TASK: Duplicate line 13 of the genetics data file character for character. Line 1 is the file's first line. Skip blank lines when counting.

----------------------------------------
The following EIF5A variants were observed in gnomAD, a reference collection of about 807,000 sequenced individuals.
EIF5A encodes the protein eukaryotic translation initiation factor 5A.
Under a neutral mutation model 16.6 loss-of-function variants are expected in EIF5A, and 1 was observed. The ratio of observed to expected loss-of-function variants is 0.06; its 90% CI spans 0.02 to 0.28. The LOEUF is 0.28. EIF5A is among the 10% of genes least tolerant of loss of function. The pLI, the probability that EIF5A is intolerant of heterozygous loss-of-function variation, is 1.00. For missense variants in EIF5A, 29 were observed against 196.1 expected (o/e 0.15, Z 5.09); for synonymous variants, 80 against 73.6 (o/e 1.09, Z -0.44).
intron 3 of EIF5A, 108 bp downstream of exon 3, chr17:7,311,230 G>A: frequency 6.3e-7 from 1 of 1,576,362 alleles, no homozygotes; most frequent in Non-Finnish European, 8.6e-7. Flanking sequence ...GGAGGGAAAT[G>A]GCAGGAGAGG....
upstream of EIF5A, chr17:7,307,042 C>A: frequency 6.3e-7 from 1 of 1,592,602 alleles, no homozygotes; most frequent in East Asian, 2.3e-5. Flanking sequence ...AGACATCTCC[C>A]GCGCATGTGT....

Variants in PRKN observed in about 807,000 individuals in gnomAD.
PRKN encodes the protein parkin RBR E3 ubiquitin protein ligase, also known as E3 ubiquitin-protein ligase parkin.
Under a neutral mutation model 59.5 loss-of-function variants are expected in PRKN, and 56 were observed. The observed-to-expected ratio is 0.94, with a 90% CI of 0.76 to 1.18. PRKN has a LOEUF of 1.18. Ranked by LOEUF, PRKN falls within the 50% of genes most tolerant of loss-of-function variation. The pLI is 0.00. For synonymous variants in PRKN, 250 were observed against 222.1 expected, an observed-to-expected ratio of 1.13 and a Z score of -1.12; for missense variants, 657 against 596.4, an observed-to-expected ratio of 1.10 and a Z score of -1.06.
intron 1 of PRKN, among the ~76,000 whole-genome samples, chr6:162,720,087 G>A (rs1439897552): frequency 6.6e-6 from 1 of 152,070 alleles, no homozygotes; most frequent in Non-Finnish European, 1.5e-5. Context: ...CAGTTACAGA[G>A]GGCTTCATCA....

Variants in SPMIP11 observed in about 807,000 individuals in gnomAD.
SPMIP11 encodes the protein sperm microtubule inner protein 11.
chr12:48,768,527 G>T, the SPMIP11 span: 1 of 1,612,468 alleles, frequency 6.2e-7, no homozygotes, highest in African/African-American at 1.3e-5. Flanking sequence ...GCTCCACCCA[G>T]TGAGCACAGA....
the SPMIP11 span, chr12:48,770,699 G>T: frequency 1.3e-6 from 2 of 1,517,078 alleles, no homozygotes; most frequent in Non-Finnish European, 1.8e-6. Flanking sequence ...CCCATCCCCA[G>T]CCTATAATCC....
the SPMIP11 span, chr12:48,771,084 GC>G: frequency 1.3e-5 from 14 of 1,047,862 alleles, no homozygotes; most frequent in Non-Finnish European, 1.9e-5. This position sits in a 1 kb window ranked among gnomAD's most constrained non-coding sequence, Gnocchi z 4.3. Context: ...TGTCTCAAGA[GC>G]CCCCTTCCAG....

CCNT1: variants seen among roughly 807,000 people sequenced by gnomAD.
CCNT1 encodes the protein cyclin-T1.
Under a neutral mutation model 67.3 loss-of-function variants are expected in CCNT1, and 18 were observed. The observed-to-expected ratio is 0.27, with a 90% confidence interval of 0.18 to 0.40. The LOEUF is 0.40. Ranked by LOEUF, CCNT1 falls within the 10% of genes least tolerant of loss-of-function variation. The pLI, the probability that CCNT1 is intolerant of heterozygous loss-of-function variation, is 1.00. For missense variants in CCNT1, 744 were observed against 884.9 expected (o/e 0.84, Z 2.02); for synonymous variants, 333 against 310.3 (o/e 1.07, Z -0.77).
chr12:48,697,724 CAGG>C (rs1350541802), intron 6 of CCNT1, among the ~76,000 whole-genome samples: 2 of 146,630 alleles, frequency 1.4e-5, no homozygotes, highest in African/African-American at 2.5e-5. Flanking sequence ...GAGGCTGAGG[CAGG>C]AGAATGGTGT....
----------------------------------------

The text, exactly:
the SPMIP11 span, chr12:48,770,699 G>T: frequency 1.3e-6 from 2 of 1,517,078 alleles, no homozygotes; most frequent in Non-Finnish European, 1.8e-6. Flanking sequence ...CCCATCCCCA[G>T]CCTATAATCC....